IAN GARLAND (Scenic Lighting Designer) is currently a theater Major with focus in light design at UNT. While at UNT, he has designed lighting for IN THE BLOOD, WHO’S AFRAID OF VIRGINIA WOLF, THIN THREAD THICK THREAD, AND SYNCHRONIZED IMBALANCES. At ICT MainStage he was the lighting designer for A FEW GOOD MEN AND LEND ME A TENOR and is currently working his 7th season at ICT MainStage.
Under the Covers: At ICT Mainstage, The Cover of Life makes for an emotional time at the theater.
by Kris Noteboom
TheatreJones.com - published Friday, January 25, 2013
Irving — While three brothers are off fighting in World War II, their wives move in with their husbands' mother and soon find themselves the subject of a Life magazine story, if they can just hold their squeaky clean story together, in R.T. Robinson's The Cover of Life, now at ICT Mainstage.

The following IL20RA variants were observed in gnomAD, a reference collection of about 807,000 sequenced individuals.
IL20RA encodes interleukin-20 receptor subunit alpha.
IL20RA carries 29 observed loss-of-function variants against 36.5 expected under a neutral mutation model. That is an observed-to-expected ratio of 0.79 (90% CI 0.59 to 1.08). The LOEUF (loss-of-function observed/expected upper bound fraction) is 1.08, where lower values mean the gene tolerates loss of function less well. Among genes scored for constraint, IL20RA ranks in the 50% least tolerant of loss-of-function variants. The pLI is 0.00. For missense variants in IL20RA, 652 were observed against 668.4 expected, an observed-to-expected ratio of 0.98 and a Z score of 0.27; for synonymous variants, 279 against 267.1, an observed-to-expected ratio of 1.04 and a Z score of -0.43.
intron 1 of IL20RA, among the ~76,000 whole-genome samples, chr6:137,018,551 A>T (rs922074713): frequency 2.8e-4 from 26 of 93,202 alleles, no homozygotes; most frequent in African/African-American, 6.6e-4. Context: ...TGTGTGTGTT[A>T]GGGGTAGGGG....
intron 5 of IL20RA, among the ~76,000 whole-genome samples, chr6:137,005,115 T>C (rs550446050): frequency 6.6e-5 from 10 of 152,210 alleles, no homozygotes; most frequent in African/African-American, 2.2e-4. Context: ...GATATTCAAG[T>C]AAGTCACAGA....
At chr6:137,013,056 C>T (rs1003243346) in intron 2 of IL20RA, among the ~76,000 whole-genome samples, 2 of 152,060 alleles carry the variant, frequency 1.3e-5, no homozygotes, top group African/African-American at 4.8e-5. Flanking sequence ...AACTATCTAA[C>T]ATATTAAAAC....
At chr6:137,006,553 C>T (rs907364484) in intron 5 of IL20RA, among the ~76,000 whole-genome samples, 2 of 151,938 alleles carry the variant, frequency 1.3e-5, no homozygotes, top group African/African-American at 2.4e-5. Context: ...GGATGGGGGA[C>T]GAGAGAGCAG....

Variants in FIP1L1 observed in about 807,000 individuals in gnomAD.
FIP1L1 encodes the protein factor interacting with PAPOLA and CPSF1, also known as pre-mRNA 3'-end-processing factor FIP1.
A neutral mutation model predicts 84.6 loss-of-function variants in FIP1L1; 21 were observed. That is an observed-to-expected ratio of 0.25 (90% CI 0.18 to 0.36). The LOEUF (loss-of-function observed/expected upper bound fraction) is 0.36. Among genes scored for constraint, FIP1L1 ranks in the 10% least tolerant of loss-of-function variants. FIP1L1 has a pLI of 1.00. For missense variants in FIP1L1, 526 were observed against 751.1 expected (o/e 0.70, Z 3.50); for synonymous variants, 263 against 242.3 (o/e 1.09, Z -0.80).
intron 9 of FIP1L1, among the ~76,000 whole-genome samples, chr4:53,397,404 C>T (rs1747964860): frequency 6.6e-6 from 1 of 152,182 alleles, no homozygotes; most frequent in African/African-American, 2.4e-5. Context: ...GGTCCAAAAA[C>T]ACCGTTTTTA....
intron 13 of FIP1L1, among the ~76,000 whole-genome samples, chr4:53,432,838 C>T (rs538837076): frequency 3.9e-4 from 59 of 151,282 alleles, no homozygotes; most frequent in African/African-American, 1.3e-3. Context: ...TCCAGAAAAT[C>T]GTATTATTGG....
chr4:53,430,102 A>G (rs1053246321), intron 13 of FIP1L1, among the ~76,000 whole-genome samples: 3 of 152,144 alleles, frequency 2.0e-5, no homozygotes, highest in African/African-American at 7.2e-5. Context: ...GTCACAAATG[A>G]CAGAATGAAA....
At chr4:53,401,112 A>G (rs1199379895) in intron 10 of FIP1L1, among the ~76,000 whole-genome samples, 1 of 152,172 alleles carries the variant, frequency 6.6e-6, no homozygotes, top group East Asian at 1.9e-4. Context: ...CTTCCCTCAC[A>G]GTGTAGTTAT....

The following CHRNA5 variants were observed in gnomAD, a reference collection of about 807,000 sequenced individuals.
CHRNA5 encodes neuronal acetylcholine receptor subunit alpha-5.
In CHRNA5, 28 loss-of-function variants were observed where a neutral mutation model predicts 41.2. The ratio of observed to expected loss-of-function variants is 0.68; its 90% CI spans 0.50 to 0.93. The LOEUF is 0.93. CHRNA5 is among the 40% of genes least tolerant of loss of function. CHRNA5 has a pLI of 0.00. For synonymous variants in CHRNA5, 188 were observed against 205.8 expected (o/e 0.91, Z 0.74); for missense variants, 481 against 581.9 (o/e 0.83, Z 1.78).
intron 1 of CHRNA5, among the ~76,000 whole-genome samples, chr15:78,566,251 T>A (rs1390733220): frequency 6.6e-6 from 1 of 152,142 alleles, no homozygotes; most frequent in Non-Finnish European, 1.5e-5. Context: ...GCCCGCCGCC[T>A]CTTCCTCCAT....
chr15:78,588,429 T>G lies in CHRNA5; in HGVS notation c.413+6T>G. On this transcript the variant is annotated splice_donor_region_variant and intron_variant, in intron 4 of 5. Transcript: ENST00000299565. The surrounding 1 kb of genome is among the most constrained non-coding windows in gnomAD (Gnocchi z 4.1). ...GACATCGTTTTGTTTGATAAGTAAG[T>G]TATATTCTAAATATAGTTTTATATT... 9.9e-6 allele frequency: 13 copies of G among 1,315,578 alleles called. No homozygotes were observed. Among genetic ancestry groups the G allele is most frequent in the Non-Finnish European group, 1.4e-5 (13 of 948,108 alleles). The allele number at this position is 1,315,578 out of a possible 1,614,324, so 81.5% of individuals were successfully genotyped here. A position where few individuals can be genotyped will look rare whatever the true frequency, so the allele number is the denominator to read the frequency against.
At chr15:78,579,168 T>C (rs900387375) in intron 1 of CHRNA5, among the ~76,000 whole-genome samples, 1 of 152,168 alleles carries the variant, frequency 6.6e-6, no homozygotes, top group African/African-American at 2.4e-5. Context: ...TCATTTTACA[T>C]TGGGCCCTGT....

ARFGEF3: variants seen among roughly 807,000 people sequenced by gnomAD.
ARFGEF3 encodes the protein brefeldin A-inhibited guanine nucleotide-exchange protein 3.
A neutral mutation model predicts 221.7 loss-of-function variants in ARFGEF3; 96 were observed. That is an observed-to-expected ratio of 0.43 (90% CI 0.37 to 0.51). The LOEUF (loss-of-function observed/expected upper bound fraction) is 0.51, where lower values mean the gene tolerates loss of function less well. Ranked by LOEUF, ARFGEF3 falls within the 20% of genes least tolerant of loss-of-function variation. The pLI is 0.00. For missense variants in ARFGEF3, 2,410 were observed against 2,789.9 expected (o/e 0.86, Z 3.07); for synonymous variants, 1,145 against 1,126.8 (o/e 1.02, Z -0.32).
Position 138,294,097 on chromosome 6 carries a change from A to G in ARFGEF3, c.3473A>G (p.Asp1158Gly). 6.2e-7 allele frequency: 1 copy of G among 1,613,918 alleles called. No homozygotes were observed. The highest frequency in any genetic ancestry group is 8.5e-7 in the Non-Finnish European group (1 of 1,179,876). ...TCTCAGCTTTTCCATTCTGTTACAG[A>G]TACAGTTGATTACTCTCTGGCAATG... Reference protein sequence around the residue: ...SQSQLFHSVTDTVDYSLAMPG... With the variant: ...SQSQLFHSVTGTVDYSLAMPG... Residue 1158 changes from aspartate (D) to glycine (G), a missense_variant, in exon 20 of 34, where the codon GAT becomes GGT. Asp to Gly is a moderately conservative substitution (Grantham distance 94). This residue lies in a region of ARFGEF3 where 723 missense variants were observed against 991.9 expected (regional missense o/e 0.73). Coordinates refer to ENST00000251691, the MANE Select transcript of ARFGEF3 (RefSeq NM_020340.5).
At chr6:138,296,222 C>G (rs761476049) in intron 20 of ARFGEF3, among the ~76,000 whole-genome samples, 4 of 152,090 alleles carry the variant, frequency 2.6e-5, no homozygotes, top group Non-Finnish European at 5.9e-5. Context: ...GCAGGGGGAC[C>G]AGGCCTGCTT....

The story follows Tood (Bailey Lawrence), Weetsie (Karen Matheny) and Sybil Cliffert (Caitlin Mills Duree), who are living with their mother-in-law, Aunt Ola (Amber Devlin), in Louisiana while the boys are off fighting a war. The girls' friend, Addie Mae McGough Blackard (Carrie Blake), a small town do-it-all type, gets a story about them in the New Orleans Times-Picayune. That story is noticed by Time magazine and Kate Miller (Lucia A. Welch) is subsequently given her first chance, after a stint as a war correspondent, for a cover story.